So I’ve been using the entry-level 27-inch iMac with Retina 5K display for several weeks now, and I’ve made it my regular computing workstation. Well, at least until next month when Apple expects to see it returned. Till then, however, I can bask in the superior glow of nearly 15 million pixels dancing on the screen in response to my commands.
Now waxing enthusiastic about any computer is not my style. I’m jaded, having worked on various types of computing systems since the 1970s, even before the personal computer revolution. I also used some of those early Macs, quickly migrating to the first color monitors. I recall the era before flat panel displays arrived were I struggled mightily to have a picture that was not bowed, without bending at the edges or the bottom, and let me tell you that I sweated the adjustments, particularly as display sizes grew larger.
Good old days they weren’t.
Well, I believed that the displays I used were quite sharp enough for a desktop computer. While I do not yet own a MacBook Pro with Retina display, I nonetheless appreciate the Retina displays on the family iPhones and iPads. I could see the potential, but still I felt that putting one of those things on an iMac was just overkill. It had to be very expensive to pack millions of pixels onto a 27-inch display. Yes, I’m aware of 4K or Ultra HD TVs, and they are coming down in price and all, but a computer display has to be of a higher grade. We’re talking of a tool used to edit professional audio and video productions.
But to edit 4K video you need a display that has enough extra pixels for an app’s menus and palettes. Thus, a 5K display, and consider the graphics hardware you’d need to push those pixels. Yes, a Mac Pro can do it, but would Apple consider such a capability on a more affordable box, say an iMac?
Amid rumors of an iMac with Retina display, I remained skeptical. To me, that late 2009 iMac still chugging away had a perfectly sharp display. Everything was clear and readable, so why would I change, and how much extra would I have to pay for such a beast anyway?
Remember that Dell had announced a 5K 27-inch display for all of $2,499. What would it cost to pack the guts of a powerful computer into such a box anyway?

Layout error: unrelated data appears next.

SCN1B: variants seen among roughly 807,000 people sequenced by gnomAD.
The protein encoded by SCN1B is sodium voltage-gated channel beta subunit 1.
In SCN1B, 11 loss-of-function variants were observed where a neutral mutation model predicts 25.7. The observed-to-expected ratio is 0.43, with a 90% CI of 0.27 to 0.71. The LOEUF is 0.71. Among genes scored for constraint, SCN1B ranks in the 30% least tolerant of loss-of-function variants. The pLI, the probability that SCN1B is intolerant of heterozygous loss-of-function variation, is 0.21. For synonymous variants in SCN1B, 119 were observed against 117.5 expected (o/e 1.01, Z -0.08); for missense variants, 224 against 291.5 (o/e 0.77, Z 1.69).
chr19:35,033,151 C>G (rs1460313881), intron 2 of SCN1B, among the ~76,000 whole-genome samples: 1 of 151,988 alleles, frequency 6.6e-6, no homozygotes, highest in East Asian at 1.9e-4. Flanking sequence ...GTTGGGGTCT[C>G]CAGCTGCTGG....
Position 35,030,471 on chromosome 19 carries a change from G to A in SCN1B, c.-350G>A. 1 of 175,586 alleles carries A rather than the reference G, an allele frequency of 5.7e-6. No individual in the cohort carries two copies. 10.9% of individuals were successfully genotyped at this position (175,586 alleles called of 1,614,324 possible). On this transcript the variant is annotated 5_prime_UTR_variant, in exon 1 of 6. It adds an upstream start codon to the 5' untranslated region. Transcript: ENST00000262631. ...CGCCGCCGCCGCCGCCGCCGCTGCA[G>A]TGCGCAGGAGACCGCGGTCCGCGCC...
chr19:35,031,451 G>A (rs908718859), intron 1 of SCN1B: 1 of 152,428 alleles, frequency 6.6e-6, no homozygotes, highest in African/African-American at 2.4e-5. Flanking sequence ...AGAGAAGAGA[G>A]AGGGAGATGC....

In October, Apple delivered not just a surprising response, but put again the lie to the claim that people who buy Macs were paying an “Apple tax” for luxury gear that costs more than the competition.
So for the very same $2,499, Apple delivered the full-blown computer with a magnificent, simply stunning, 5K display. Apple did all sorts of tricks behind the scenes to make it happen on a computer that, to all intents and purposes, looked exactly the same as the standard 27-inch iMac. Were there any compromises?
Well, the iMac 5K has been available for over two months now. Supplies have been tight, and it appears that consumers with exacting needs and professional content creators are lapping them up. But there haven’t been any rush firmware updates or reports of serious problems. The worst you can say is that the built-in AMD graphics hardware, powerful as it is, might sometimes struggle a bit to keep all those pixels moving smoothly. Sometimes it stutters for just a fraction of a second, though I’ve not observed much of that on the entry-level model Apple sent along.
I am considering whether to request a CTO model, with all the options, to see how it fares.
In addition to an amazingly sharp picture, the iMac 5K delivers rich colors that seem far more realistic than on a regular iMac. They clearly sweat the details, and I can already see how my old iMac will seem dull and fuzzy in comparison. This is the sort of computer that, once you have extended face time with it, will just suck you in and send you rushing to the credit cards and the checkbook balances to see if you can swing a purchase. Maybe I just need to run a GoFundMe campaign to raise the cash to buy one of these machines.
But this is not a case of being taken in by the fading reality distortion field left by the late Steve Jobs. With the iMac 5K, Apple has confounded the skeptics about pricing such high-end gear, and has delivered an excellent solution for anyone who needs a PC “truck” to create professional audio and video content. If your apps can do all of their stuff within the confines of a quad-core processor, you’ll find performance actually exceeds that of the Mac Pro. For apps that can sing with six or 12 cores, the Mac Pro is still better, but at what cost?
In configuring the cheapest (so to speak) iMac 5K, Apple made the hybrid Fusion Drive standard issue. So you get a 1TB mechanical hard drive and a 128GB SSD. Intelligent software monitors your usage patterns, and tries to pack the apps and files you use most often on the SSD. For most of you, performance is in striking distance to a full SSD (which costs $800 more from Apple if you want one). If you manage loads of large files, a Fusion Drive might not be the ticket, but it is for me.
Let me say it again: It’s going to be awfully hard to go back to my own iMac after the 5K returns to its home in Cupertino, CA. I will have to suffer through a fuzzier display and a much slower hard drive. All right, I could invest a few hundred dollars and pack an SSD into my old box, but I’d be forced to endure the lengthy and delicate process of disassembling the iMac, and putting Humpty Dumpty together again. But I’m not sure if it’s worth the cost or the complicated installation process.
Or maybe I’ll get a big tax refund next year, and consider whether to pay off some old bills, or reward myself with a new Mac. What would you do?
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